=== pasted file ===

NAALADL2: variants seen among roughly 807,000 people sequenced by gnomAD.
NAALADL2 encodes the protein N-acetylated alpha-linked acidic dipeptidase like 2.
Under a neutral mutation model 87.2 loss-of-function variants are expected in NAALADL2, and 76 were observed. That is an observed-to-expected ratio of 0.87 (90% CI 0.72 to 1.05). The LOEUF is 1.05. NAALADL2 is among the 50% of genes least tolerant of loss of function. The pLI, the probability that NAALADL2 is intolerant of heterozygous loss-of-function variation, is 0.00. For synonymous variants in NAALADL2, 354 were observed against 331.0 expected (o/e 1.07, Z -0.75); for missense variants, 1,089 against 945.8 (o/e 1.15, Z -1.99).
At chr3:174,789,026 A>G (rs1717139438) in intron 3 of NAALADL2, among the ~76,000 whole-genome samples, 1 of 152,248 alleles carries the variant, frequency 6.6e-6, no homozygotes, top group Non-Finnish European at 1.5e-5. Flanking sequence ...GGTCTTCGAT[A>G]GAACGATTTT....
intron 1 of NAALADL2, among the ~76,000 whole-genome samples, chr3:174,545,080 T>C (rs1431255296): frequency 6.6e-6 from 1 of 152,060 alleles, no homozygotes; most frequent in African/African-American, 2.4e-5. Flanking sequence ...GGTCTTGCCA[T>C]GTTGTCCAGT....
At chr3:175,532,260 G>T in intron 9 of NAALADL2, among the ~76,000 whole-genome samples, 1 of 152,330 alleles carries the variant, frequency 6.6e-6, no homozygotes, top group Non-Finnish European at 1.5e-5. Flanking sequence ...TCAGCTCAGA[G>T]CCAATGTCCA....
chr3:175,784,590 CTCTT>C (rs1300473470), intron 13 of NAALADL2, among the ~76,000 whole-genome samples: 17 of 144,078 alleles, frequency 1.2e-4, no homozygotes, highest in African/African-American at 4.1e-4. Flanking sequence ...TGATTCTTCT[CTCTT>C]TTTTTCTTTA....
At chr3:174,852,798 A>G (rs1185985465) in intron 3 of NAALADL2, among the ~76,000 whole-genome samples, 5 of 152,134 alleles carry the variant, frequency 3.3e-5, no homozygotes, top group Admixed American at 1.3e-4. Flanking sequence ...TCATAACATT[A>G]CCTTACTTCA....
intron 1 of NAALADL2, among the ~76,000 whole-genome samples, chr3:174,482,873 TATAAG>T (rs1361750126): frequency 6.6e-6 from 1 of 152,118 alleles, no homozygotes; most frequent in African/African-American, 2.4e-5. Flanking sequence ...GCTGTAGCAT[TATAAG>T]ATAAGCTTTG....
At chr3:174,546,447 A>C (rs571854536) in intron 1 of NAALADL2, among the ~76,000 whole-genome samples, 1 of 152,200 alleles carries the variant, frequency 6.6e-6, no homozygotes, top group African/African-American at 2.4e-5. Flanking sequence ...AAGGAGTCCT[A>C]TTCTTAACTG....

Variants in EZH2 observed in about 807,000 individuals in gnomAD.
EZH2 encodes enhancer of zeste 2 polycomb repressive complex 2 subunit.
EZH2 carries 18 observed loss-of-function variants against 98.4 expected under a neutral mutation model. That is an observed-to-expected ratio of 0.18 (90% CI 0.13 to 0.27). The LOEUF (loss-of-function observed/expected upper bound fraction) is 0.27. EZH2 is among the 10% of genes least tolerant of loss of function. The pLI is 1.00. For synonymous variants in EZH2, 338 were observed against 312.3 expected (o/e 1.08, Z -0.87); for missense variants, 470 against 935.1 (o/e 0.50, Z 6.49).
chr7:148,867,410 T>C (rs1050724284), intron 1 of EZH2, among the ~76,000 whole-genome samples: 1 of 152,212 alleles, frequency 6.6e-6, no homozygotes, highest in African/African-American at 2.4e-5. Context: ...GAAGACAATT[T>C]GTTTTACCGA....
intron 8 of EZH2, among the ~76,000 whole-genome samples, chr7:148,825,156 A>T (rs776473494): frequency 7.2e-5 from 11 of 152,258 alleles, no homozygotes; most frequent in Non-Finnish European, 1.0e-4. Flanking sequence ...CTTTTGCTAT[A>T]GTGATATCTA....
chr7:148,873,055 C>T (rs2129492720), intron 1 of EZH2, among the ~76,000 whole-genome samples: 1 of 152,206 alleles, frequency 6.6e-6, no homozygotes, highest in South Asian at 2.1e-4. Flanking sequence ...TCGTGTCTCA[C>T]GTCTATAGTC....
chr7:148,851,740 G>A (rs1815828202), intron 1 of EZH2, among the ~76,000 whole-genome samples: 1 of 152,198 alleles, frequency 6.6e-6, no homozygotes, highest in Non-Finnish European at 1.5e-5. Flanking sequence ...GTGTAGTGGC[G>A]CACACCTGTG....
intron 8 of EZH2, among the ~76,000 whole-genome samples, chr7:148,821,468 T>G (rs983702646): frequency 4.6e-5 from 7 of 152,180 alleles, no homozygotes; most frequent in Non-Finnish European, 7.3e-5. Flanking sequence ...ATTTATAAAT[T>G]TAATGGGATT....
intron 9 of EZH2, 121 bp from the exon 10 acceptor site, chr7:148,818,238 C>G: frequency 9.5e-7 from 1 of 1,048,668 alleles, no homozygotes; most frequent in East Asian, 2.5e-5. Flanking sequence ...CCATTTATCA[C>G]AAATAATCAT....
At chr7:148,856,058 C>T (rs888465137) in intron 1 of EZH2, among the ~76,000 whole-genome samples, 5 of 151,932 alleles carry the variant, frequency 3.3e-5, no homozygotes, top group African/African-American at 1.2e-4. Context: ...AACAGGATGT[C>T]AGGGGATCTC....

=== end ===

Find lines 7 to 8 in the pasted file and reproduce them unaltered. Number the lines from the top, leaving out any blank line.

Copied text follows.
chr3:175,784,590 CTCTT>C (rs1300473470), intron 13 of NAALADL2, among the ~76,000 whole-genome samples: 17 of 144,078 alleles, frequency 1.2e-4, no homozygotes, highest in African/African-American at 4.1e-4. Flanking sequence ...TGATTCTTCT[CTCTT>C]TTTTTCTTTA....
At chr3:174,852,798 A>G (rs1185985465) in intron 3 of NAALADL2, among the ~76,000 whole-genome samples, 5 of 152,134 alleles carry the variant, frequency 3.3e-5, no homozygotes, top group Admixed American at 1.3e-4. Flanking sequence ...TCATAACATT[A>G]CCTTACTTCA....